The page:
Decrease of FGF19 contributes to the increase of fasting glucose in human in an insulin-independent manner
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The ileum-derived fibroblast growth factor 19 (FGF19) plays key roles in hepatic glucose homeostasis in animals in an insulin-independent manner. Here, we analyzed the association of FGF19 with glucose effectiveness (GE, the insulin-independent glucose regulation), as well as hepatic glucose production (HGP) in Chinese subjects.
GE was measured by frequently sampled intravenous glucose tolerance test (FSIVGTT) in normal glucose tolerance (NGT), isolated-impaired glucose tolerance (I-IGT), and isolated-impaired fasting glucose (I-IFG) subjects. The oral glucose tolerance test-derived surrogate of GE (oGE) was determined in NGT, I-IFG, combined glucose intolerance (CGI), and type 2 diabetes (T2DM) subjects. HGP was assessed by labeled ([3-3H]-glucose) hyperinsulinemic–euglycemic clamp in NGT subjects. Insulin secretion and sensitivity were calculated by the hyperglycemic and hyperinsulinemic-euglycemic clamps in a subgroup of NGT, I-IGT, and I-IFG subjects. Serum FGF19 levels were determined by ELISA.
FGF19 positively correlated with GE (r = 0.29, P = 0.004) as determined by FSIVGTT. The result was further confirmed by oGE (r = 0.261, P < 0.001). FGF19 was negatively associated with FPG (r = − 0.228, P = 0.025), but the association no longer existed after adjusting for GE (r = − 0.177, P = 0.086). FGF19 was negatively associated with basal HGP (r = − 0.697, P = 0.006). However, the correlation between FGF19 and insulin secretion and sensitivity were not found.
FGF19 levels are associated positively with GE and negatively with HGP. The increase of FPG in human is at least partially due to the decrease of FGF19 in an insulin-independent manner.
KeywordsFibroblast growth factor 19 Glucose tolerance state Glucose effectiveness Fasting glucose Hepatic glucose production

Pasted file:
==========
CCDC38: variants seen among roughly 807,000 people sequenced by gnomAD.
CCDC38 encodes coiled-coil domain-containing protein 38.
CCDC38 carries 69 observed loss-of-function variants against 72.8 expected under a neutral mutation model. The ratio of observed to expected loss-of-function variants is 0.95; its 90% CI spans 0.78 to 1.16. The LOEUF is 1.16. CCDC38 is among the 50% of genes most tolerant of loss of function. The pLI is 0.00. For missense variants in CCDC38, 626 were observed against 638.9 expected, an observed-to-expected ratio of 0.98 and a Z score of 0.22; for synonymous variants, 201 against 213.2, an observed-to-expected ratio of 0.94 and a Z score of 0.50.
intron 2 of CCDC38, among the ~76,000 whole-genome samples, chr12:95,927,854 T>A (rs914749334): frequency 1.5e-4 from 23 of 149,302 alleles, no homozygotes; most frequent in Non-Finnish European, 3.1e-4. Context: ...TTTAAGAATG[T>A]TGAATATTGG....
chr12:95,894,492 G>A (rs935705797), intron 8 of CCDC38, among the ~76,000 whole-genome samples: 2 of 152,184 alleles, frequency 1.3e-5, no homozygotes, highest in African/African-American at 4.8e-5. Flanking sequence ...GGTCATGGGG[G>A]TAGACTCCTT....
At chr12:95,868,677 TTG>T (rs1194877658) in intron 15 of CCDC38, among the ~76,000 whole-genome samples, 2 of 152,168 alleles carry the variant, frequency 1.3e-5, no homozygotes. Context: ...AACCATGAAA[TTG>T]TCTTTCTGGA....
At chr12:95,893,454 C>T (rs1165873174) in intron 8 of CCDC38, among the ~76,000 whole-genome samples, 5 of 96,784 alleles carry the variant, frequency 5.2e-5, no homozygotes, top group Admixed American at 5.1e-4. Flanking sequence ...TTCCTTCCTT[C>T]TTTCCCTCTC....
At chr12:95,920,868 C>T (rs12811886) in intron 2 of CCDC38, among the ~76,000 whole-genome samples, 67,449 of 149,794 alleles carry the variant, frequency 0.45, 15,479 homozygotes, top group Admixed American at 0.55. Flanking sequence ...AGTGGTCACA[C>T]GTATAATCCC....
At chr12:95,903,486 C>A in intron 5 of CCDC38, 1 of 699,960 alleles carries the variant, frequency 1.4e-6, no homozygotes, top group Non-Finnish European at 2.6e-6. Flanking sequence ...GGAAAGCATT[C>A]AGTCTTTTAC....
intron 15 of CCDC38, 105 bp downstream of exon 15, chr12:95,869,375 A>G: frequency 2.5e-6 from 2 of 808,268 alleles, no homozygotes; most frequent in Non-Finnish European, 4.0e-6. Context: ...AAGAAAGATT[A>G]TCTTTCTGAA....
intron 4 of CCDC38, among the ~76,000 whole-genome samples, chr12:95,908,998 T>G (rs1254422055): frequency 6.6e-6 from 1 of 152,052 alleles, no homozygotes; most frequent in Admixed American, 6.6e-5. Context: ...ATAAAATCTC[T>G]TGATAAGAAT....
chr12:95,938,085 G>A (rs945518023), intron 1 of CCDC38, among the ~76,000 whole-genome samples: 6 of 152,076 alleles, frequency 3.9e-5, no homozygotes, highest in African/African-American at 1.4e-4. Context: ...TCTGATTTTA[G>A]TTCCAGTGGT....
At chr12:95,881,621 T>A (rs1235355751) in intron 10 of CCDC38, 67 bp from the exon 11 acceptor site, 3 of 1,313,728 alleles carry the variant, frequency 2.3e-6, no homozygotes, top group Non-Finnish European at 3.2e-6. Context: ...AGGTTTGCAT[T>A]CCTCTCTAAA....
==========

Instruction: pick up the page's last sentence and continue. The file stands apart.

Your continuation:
The authors would like to thank Junxi Lu, Wei Zhu, Yiting Shen, and Jia Wang (Shanghai Jiao Tong University Affiliated Sixth People’s Hospital) for excellent technical assistance. The authors gratefully acknowledge all of the involved clinicians, nurses, and technicians at Shanghai Jiao Tong University Affiliated Sixth People’s Hospital for their dedication in this study. The authors would also like to thank all the colleagues in the Metabolic Disease Biobank Resource at Shanghai Jiao Tong University Affiliated Sixth People’s Hospital for the technical support.
JZ designed the research, conducted the experiments, analyzed data, and wrote the manuscript. HL contributed to the study design and manuscript writing. NB, YX, QS, LZ, GW, SC, XH, CW, and LW performed research. AX was involved in revising the manuscript. QF designed the study, interpreted data, and revised the manuscript. WJ designed the study, revised the manuscript, and contributed to the discussion. All authors have made substantial contributions and approved the final version of the manuscript.
This work was supported by the National Natural Science Foundation major international (regional) joint research project (81220108006) to W.J., the Shanghai Natural Science Foundation (15ZR1431700) and Major Program of Shanghai Municipality for Basic Research (10JC1412400) to Q.F., and Young Scientists Fund of National Natural Science Foundation of China (81200292) to H.L.
Compliance with ethical standards
Conflict of interest
The authors declare that they have no conflict of interest.
Research involving human participants
All procedures performed in studies involving human participants were in accordance with the ethical standards of the institutional and/or national research committee and with the 1964 Helsinki declaration and its later amendments or comparable ethical standards.
Informed consent was obtained from all individual participants included in the study.
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